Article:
City, county planners update rules on accessory dwelling units
Recent changes in some state laws have resulted in the city of Prineville and Crook County changing the code regarding accessory dwelling units.
According to City Planning Director Josh Smith, the Prineville code has allowed people to add accessory dwelling units to their property as long as they are hooked up to city sewer and water services.
"The city has allowed ADUs since we updated the code in 2011," he said. "In the past, they were just never in our land use code."
He added that in addition to receiving city services, properties eligible for accessory dwelling units had to have a single-family dwelling on it. Properties with duplexes or other multiple housing are not.
Accessory dwelling units are defined as "a unit that is classified as a dwelling" and "not just a guest house or an extra bedroom," Smith said.
"It has a full kitchen and a separate access," he added, noting that an additional parking space is required for the unit was well.
Travel trailers and other recreational vehicles do not count, however manufactured home are considered accessory dwelling units.
"It can be attached, detached or above a garage," Smith went on to say about ADUs. "(In the city) it has to be 700 square feet or less and with that limit on the size, we don't charge system development charges."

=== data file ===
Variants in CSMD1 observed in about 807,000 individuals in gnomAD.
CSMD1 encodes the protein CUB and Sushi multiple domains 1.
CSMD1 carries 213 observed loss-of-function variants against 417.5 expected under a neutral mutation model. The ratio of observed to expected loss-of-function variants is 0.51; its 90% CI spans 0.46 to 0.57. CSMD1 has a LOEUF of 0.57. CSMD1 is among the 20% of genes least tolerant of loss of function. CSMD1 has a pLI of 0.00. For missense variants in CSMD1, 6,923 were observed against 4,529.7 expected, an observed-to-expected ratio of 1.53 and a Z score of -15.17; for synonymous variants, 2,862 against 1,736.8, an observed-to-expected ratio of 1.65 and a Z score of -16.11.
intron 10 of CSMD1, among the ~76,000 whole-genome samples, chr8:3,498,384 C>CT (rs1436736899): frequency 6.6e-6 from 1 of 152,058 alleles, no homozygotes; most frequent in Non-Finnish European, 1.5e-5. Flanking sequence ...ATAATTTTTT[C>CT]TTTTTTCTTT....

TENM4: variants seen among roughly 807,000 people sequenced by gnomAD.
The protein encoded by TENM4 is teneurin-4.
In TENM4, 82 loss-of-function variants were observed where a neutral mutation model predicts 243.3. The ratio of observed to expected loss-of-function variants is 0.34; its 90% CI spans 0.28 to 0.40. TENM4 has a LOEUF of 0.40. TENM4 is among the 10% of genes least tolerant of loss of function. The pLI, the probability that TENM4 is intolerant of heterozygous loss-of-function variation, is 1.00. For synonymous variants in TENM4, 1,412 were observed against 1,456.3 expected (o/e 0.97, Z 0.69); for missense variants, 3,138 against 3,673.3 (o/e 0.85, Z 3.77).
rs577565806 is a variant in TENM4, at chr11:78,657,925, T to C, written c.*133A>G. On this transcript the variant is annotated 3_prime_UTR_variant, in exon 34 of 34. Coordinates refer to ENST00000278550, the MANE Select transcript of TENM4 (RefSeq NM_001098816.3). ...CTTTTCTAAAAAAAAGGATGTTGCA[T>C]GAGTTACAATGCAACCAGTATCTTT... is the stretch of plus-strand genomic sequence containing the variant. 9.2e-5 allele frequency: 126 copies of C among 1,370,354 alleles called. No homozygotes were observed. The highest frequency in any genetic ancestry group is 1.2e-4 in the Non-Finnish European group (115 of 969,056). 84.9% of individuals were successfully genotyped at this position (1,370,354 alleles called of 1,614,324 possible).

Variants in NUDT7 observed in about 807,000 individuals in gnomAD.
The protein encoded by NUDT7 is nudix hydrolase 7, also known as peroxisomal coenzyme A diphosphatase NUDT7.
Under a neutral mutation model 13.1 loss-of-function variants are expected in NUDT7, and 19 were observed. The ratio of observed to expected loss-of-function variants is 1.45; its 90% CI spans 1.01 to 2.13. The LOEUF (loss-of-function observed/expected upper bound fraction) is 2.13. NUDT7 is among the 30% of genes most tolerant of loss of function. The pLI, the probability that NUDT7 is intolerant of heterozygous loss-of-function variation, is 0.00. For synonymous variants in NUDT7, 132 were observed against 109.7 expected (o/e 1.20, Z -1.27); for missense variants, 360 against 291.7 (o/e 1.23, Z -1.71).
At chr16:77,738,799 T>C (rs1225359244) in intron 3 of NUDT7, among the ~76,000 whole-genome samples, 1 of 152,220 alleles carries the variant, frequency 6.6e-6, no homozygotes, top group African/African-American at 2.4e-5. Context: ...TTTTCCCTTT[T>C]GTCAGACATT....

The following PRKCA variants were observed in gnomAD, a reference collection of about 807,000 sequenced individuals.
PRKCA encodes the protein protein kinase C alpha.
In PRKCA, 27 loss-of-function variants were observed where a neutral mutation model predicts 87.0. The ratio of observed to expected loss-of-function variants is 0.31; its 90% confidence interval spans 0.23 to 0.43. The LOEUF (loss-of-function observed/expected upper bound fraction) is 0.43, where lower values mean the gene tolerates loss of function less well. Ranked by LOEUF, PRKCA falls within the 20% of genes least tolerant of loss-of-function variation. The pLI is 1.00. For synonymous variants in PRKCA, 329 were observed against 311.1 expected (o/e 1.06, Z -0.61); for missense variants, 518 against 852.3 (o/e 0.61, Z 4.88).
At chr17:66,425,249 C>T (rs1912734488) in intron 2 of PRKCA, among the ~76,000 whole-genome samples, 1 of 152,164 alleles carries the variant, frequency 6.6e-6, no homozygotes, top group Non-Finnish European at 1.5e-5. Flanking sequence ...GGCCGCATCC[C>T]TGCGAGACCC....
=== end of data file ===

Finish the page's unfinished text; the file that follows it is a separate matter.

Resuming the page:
Smith said that they regulate how the ADUs are used. People are allowed to rent them out and in many cases, they are built to house family members.
The catalysts for the recent changes at the county and city level are the passage of Senate Bill 1051, which requires cities and counties of a certain size to allow ADUs, and the passage of House Bill 4031, which clarified that counties need only allow them on county land that lies within a city urban growth boundary.
"There are parts of the county within the urban growth boundary that aren't part of the city yet," Smith said.
So the county recently updated its code to comply with the new state mandates and now allows ADUs on properties in the city urban growth boundary that have septic and well service. However, that created a unique problem that the city wanted to address.
"What that would do is create this funny gap where if you are out in the county, you can have an ADU, but if you are inside the city limits without water and sewer, you can't."
Such a scenario is rare, Smith admits, but there are some city properties that fit that description. In addition, the city has fielded and denied requests from people who have wanted to add an ADU but lacked the required water and sewer services.
"So, we said if the county is going to allow them in the UGB, the city is going to change its code to match so people on septic and well can have them."
The Prineville City Council approved the proposed changes to the code at its Tuesday evening meeting, opening the door for the new option. To what degree people will utilize it is not clear. Smith said that while they have had some requests – mostly in the 400 to 500 square foot range – there hasn't been a significant rush. While that is the case, it may be emerging as a new homebuilding option.
"We have just started getting people interested in doing them with new construction, so we are seeing some in IronHorse that are integrated into the home," Smith said.
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